Mrs. Dred Scott: A Life on Slavery's Frontier

By Lea Vandervelde | Go to book overview

CHAPTER 1
Wife of a Celebrity

ONE SUMMER DAY in 1857, as a freedwoman was ironing in her own front room on an alley in St. Louis, she saw a pair of white men approach. Her two daughters were busy assisting her, stoking the fire and moving the heavy irons from stove to ironing board so they would be hot enough to smooth the wrinkles from the freshly laundered clothes. At the back of the room, behind another ironing board, her elderly husband was asleep.1

The laundress watched cautiously as the white men came nearer. When they reached the wooden porch, they called out to her, “Is this where Dred Scott lives?” Her husband was now famous; his name was known across the country.

She hesitated. “Yes,” she said.

“Is he at home?” This wasn’t the first time people had come looking for him.

“What’s the white man after that Negro for? Why don’t the white man tend to his own business, and let that Negro alone?” she replied. The freedwoman was a respectable, smart, tidy-looking black woman in her 30s, the men later wrote. From the spirit of her answer they knew her to be Dred Scott’s wife and nobody’s slave.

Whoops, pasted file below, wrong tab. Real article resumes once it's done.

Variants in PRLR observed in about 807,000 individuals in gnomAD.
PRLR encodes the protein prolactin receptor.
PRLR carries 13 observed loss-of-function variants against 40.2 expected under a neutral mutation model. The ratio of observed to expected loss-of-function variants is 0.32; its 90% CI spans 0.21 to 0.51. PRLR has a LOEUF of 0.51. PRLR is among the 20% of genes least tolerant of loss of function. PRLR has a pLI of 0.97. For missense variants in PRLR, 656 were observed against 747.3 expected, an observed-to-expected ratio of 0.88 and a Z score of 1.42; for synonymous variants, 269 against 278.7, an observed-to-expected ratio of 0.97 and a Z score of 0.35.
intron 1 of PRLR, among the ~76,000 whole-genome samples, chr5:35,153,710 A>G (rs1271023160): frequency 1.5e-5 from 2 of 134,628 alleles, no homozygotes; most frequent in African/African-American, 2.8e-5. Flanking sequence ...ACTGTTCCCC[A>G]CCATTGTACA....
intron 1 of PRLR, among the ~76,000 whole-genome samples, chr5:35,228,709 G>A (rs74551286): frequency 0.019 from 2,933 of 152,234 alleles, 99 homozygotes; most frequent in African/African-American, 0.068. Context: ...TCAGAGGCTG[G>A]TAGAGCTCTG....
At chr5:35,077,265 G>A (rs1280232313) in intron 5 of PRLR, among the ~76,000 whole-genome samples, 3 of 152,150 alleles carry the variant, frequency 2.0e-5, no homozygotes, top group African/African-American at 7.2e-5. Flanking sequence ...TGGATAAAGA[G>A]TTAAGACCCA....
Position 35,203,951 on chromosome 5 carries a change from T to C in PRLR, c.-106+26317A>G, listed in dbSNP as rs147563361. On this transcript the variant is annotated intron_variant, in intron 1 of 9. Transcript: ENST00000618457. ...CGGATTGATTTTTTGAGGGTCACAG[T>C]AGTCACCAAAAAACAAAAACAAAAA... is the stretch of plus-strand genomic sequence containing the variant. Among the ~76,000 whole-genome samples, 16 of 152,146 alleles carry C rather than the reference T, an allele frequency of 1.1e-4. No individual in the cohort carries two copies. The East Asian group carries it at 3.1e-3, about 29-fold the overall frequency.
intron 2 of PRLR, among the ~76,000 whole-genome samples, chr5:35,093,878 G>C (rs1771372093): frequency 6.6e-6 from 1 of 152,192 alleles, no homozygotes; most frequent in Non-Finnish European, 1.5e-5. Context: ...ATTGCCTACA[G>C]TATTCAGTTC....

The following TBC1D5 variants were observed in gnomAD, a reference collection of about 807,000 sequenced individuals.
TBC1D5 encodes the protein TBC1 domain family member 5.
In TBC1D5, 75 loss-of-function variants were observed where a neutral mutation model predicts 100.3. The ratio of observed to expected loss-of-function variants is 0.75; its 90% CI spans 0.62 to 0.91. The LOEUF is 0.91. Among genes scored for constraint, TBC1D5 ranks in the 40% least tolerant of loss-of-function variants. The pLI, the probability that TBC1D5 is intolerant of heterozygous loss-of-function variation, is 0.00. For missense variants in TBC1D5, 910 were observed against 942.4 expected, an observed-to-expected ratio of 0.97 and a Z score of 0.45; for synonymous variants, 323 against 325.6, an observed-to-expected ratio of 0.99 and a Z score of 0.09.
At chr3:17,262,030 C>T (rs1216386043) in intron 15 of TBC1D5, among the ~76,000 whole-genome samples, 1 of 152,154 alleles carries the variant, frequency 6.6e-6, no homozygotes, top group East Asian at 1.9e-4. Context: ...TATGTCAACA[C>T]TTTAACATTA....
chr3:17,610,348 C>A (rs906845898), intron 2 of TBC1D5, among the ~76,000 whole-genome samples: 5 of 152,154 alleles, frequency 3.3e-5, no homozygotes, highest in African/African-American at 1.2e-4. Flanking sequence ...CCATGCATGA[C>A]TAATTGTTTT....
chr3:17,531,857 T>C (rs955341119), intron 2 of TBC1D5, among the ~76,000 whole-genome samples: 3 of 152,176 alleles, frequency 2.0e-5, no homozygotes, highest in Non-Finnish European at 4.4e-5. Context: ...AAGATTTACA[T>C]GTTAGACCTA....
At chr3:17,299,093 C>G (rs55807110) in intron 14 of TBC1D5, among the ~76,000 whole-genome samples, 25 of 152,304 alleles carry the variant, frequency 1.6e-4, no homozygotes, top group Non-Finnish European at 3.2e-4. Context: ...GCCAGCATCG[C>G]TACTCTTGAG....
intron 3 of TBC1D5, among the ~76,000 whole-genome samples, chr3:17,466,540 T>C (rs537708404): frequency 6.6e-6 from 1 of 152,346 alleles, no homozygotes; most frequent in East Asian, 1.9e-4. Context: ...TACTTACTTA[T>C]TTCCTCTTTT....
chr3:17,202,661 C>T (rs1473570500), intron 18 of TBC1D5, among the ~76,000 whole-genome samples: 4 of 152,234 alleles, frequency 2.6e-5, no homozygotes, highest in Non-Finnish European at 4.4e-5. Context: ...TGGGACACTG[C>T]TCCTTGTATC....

There was a rustling at the back of the room. From behind the second ironing table, an old black man raised himself to see the visitors. He recognized them. He assured her, “It was all right.” He’d met the gentlemen before.

“One of these days they’ll steal that Negro,” she continued, but she yielded as the white men entered the house, encouraged by Dred’s acknowledgment.

The men were journalists from Frank Leslie’s Illustrated Newspaper, and their account of Harriet Robinson Scott is the only existing first-person description of her by anyone who ever actually met her. The journalists had approached Dred at the fairgrounds a few days before and asked to interview him and take his picture. When he didn’t show up at the photographers’ studio, they found him through his lawyer, obtaining a letter of introduction and his address.

Dred explained that more interviews would just bring him bad luck. The white men pulled out the lawyer’s letter to show the Scotts, and although neither could

-9-

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